Mike Grehan: Hi and welcome once again to Live on 65, coming to you directly from the 65th floor of the Empire State Building at Acronym’s global headquarters. This is where I get to sit down and speak to the great, the good, and people who had nothing else to do this afternoon in the industry. With me today from AOL is Simon Heseltine.
Simon Heseltine: Hi mate, thanks for having me.
Mike Grehan: Hey there Simon. Simon, is there … Oh, look you got a round of applause eventually.
Simon Heseltine: Oh, there we go.
Mike Grehan: Is there something wrong with your microphone?
Simon Heseltine: Well it is making me sound like I have an English accent, but I think yours has the same problem.
Mike Grehan: We had to do that, that’s just a little in joke between Simon and I about the problem with our microphone giving us both British accents, and if you’d like to get the gist of that you need to come and see either one of us speaking live at a conference. Anyway Simon, great to have another Brit along with us. Let me just see if I get your title right here, you are now senior director of audience development with AOL, yes?
Simon Heseltine: That sounds about right, yeah.
Mike Grehan: Good, because I just read it on your business card. You’re a long way from home. Let’s just do the usual thing. I like to get a bit of background on people who have been in the industry for a while. Obviously you’re a Brit.
Simon Heseltine: Yup.
Mike Grehan: Where did you start in the U.K. and how did you end up in the U.S?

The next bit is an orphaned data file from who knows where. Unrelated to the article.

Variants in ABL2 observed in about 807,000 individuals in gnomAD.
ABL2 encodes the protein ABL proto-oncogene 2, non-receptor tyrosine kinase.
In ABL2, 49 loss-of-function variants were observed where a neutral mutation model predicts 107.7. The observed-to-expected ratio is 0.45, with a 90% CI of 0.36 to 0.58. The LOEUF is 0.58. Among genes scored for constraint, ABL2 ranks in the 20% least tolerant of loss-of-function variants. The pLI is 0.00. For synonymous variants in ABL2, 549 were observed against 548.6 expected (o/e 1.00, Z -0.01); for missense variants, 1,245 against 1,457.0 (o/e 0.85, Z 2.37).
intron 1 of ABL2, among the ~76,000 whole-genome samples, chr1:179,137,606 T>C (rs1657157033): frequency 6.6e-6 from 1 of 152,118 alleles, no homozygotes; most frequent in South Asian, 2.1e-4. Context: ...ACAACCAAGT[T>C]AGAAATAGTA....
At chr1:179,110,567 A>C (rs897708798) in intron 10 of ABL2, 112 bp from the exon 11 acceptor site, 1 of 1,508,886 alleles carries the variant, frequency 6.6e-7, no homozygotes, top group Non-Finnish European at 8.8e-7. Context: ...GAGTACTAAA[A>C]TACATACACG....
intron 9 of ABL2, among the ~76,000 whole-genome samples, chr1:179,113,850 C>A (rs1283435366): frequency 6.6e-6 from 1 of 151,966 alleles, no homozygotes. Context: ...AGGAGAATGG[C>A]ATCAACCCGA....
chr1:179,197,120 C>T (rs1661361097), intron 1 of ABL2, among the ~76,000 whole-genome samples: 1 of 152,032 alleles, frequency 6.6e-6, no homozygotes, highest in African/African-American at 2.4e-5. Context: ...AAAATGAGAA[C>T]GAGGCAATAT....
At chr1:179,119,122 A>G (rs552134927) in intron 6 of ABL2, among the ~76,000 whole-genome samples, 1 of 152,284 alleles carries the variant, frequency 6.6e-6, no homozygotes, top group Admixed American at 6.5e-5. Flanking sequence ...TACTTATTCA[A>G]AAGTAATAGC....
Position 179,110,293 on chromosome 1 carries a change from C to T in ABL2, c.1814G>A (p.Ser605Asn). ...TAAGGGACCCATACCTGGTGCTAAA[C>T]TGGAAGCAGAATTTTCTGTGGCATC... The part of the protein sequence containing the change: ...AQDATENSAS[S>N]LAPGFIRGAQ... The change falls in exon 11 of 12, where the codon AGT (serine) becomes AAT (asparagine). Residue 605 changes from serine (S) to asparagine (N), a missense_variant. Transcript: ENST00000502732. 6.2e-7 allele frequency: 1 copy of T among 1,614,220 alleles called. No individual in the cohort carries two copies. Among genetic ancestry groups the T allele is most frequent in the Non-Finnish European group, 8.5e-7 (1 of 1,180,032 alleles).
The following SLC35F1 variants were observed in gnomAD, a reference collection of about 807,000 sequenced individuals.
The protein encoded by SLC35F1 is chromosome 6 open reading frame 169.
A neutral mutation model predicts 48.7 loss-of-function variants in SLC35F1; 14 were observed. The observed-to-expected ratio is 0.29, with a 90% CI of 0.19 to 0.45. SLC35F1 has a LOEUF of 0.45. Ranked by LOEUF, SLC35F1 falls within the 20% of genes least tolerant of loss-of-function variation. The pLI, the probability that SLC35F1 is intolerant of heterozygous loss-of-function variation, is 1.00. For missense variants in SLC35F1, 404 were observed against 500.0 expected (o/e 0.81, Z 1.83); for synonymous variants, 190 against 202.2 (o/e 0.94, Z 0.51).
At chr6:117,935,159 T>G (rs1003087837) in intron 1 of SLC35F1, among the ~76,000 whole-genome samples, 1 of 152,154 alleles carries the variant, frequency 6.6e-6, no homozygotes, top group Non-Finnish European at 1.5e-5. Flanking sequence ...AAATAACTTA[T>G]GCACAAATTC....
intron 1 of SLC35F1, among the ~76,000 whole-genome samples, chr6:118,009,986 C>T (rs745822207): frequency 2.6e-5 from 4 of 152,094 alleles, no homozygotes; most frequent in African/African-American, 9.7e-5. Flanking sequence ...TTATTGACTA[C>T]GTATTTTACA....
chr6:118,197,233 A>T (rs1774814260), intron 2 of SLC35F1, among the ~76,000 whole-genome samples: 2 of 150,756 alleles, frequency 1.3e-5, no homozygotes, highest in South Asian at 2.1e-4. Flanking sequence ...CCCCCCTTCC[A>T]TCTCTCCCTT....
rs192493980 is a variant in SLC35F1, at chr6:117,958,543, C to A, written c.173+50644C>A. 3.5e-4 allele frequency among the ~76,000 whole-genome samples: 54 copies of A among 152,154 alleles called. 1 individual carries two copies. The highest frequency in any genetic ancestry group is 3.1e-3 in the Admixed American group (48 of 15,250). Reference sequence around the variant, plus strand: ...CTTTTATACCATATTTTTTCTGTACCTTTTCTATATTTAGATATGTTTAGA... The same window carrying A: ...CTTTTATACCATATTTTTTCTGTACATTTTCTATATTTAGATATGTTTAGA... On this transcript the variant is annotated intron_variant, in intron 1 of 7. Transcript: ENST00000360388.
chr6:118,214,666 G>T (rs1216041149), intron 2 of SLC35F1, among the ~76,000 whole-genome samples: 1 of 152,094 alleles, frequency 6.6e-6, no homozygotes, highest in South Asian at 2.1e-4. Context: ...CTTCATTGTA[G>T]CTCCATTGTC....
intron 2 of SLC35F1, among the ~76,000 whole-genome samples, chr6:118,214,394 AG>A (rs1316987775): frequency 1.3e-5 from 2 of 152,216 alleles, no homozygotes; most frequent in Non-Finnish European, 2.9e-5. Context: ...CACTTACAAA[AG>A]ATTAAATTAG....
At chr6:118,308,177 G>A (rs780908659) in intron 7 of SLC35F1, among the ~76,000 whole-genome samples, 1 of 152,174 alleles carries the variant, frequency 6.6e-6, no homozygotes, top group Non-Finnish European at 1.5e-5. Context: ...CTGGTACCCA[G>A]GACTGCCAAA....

Simon Heseltine: Basically I went to college in the U.K., met a girl and followed her over here in ’92. I’ve been here now 24 years.
Mike Grehan: She didn’t have you arrested for…
Simon Heseltine: No, no, no, no. My first career over here was actually in programming. I was a small talk developer, became a Java developer, and then started working for a company that was taking the print Yellow Pages, putting them on CD for print reduction, and the next logical step was, “Let’s put these on the web.” We put them up there, and we found this thing called an analytics package. I don’t know if you’ve heard of them.
Mike Grehan: Only just.
Simon Heseltine: We put it on the site, and we looked at the traffic, and the traffic was going like that. The next question was, “How do we get it to go like that?” The CEO said, “I’ve heard of this thing called SEO. Why don’t you look into it, Simon?” So I did, and that’s…
Mike Grehan: You came into the industry from the technical side.
Simon Heseltine: Yeah.
Mike Grehan: I find it very interesting when I’m talking to people who are involved in SEO, and they come from various different backgrounds. Some come in from marketing. One of the conversations that I was having recently about SEO was about how it started. When SEO actually started, it was much more of a technical process. You did have to understand HTML and how the code worked, and a lot of it was about helping this primitive crawler as it was back in the day. So is that what you found most of the time, that was technical stuff that you were doing, yeah?
Simon Heseltine: Well for me, yeah, but the team that I had when I first started at AOL was a really interesting mix of backgrounds. It was almost eclectic. We had librarians, we had a pastry chef.